I used a Schoep multi pattern for each of these sections. I set them all to figure 8 pattern in an attempt to reject the sections to either side of them, and in the case of Violin 1, the noise of the audience. The mic for Violin 1 was placed further to the rear of the section, and the mic for Violin 2 was positioned closer to the front of the section, in an attempt to let the presumably lower harmonies of the Violin 2 part appear a little stronger. I noticed this gave a slight change in the apparent timbre of the instruments, as obviously the sound on the Violin 2 microphone may have been more direct. I feel this would have worked better, or rather had a greater impact had the size of each of these sections been larger. There would have been more difference in how far away the two mics were from the front and back players in the section, and it would have been more noticeable. The viola mic was positioned pretty much in the centre of the group of 4, probably slightly nearer the front pair of players. I should add that these mics were positioned with the capsules at around ear height of the players, who were obviously sitting down.

Cellos and Bass

I used the Neumann U89s for these, and placed them with a cardioid pattern in the centre of the front pair of players, at around the height of the f-holes on the instruments.

Flutes and bassoon

The flutes were given a Sennheiser MD421 Mk2, because of their high frequencies, I figured they probably wouldn’t need too much of a boost as they would likely bleed into nearby mics. Having said this, the Sennys actually did a pretty good job of picking up the section, even although it wasn’t really very close (it is a dynamic, after all…). Likewise, the bassoon was miked in a similar way with a MD421, which also worked surprisingly well. There was only one player in this case, so I was able to mic her pretty close.

Clarinets and Oboes

Rather simplistically, I opted for Shure SM57s on both the clarinets and oboes, close miked from underneath pointing upwards in the centre of the sections.

Horns

I plumped for an EV RE-20 for the horns and positioned it at bell height behind the section. This worked particularly well, and I will be able to push through the little horn parts when needed.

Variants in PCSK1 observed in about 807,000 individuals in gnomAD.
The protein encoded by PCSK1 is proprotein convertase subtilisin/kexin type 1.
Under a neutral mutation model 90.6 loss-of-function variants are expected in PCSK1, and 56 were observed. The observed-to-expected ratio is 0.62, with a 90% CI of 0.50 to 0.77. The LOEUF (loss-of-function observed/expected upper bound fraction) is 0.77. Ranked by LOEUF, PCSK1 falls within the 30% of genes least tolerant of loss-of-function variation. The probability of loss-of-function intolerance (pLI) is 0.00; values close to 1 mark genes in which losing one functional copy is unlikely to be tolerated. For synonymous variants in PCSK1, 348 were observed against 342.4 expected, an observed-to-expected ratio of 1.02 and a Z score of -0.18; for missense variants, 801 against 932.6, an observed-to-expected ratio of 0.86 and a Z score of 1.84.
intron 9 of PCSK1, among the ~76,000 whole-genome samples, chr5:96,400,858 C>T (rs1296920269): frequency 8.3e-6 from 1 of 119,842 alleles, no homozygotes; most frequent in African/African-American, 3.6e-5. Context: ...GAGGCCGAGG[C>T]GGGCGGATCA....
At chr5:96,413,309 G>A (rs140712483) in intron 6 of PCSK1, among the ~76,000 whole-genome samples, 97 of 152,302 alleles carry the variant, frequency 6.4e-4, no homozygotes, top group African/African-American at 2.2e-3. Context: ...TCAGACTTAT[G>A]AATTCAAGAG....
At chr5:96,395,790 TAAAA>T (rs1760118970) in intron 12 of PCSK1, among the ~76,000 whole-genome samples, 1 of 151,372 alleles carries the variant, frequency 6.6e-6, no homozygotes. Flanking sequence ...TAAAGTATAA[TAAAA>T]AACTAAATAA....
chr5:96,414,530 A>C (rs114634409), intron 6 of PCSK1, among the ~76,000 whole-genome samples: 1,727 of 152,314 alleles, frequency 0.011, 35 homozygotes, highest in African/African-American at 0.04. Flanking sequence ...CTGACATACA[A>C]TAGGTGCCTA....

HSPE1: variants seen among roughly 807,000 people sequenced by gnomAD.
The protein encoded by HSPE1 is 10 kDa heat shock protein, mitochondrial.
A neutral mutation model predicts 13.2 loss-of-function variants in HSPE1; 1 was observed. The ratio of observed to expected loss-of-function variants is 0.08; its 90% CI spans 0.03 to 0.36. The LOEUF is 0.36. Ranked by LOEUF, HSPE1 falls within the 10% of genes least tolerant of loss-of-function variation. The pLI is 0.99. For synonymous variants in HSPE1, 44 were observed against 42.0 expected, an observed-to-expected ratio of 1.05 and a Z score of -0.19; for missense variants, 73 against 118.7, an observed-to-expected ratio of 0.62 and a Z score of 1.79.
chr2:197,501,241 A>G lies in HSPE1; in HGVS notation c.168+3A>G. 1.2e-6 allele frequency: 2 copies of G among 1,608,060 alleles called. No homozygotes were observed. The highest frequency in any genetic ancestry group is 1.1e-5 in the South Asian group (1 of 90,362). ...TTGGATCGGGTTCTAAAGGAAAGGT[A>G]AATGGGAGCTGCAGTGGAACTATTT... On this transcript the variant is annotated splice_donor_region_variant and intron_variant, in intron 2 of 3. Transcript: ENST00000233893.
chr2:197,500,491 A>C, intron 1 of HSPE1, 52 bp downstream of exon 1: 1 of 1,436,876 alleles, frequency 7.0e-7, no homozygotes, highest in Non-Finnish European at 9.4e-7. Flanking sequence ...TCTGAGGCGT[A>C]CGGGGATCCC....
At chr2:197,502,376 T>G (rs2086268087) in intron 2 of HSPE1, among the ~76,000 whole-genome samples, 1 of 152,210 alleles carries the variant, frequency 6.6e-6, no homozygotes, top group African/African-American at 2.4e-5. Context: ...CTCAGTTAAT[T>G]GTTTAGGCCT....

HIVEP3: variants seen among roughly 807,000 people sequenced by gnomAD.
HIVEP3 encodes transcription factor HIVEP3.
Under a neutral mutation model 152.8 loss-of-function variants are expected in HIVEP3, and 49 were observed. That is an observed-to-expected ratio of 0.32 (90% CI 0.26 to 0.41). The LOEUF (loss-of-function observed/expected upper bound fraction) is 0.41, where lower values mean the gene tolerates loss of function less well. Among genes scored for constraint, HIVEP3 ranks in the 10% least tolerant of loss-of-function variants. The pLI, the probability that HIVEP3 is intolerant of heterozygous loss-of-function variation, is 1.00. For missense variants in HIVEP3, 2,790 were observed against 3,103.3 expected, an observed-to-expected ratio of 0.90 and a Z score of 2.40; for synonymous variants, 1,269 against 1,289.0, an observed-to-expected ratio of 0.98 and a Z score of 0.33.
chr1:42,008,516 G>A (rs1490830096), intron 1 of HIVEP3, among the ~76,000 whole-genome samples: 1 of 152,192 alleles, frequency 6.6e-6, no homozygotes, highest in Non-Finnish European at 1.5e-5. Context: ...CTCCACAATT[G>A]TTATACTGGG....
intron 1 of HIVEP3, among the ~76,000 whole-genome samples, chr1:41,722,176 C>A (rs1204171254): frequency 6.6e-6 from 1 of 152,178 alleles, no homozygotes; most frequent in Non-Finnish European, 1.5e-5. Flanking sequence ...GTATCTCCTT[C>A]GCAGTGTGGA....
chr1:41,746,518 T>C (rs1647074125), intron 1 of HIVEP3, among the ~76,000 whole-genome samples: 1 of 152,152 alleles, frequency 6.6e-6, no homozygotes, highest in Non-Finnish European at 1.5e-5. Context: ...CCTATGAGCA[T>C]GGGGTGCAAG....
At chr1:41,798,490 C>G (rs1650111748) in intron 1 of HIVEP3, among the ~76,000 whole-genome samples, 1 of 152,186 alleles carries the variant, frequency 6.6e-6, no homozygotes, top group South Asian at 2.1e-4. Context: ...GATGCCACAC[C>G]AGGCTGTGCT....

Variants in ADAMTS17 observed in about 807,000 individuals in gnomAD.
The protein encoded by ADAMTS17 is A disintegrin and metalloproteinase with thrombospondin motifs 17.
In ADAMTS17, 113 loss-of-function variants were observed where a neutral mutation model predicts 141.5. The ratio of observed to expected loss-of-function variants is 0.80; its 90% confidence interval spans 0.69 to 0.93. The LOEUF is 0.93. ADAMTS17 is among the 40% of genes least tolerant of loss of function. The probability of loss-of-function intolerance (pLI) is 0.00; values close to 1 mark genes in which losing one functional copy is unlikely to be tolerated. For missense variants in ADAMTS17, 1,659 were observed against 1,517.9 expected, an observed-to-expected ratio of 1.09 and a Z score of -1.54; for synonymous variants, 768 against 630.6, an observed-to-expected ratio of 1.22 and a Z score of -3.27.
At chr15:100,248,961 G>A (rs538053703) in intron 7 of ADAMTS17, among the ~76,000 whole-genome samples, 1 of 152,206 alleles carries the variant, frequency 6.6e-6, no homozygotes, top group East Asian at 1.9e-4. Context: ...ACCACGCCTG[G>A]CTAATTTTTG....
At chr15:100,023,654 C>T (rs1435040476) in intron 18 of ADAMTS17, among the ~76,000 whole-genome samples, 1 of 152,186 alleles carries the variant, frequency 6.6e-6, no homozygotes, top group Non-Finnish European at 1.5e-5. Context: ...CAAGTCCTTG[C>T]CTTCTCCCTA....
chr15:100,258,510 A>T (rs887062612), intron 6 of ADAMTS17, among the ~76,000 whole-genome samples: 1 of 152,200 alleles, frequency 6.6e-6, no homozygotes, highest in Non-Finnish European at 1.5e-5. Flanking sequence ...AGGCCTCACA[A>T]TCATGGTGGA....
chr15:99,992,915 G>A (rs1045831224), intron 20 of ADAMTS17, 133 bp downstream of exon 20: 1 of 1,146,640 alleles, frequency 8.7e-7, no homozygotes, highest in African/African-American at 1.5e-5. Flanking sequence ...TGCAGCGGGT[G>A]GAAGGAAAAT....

Trumpets and Trombones

I opted an AKG C414 (cardioid) on each of these sections, and stuck a -12db filter on each, as the sound source was obviously pretty loud. Did a Ronseal job with this one, as usual with a C414, and picked up the sections nicely.

Guitar

The guitar amp was also miked up with a C414 (hyper-cardioid) with a -6db filter on it, just in-case.

Harps

There were two harps positioned side-by-side behind the violin 2 group, so I positioned a C414 (figure 8 ) in between the two, rejecting most of the rest of the orchestra.

I would really have loved to put a spot mic on the piano too, but it did manage to come through on the main pair okay.

Once the concert finished, and I’d packed all the mics away into the safe, I went downstairs, curious to do some sort of quick mix to see what I could achieve. I defiantly did not produce the best mix I could, I was tired and I could really have just done with some sleep and a pair of fresh ears. Nevertheless, undeterred I produced a (rough) mix of one piece by Emma Donald (probably the most mainstream of the evening), purely because it was the only piece which used all sections playing at one time, and I wanted a go at balancing the thing.

To be honest, 80 – 85 % plus of the mix was based around the main stereo pair. I found that only small amounts of the other mics were needed for clarity of intricate little bits of orchestration. I do think that adding these channels in in small amounts greatly enhanced the mix.

I think a lot of time will need to be spent when I come to mix and master this properly in getting sample delays correct between the spot mics and the main stereo pair, as some of the further mics did seem noticeably ahead of what the main pair were hearing.

I hope someone has found this interesting, and I will re-post once I have had a chance to mix and master this, with a link to an audio file!

Composers' Orchestra - A Rough Sketch of Mic layout

Composers' Orchestra - A Rough Sketch of Mic layout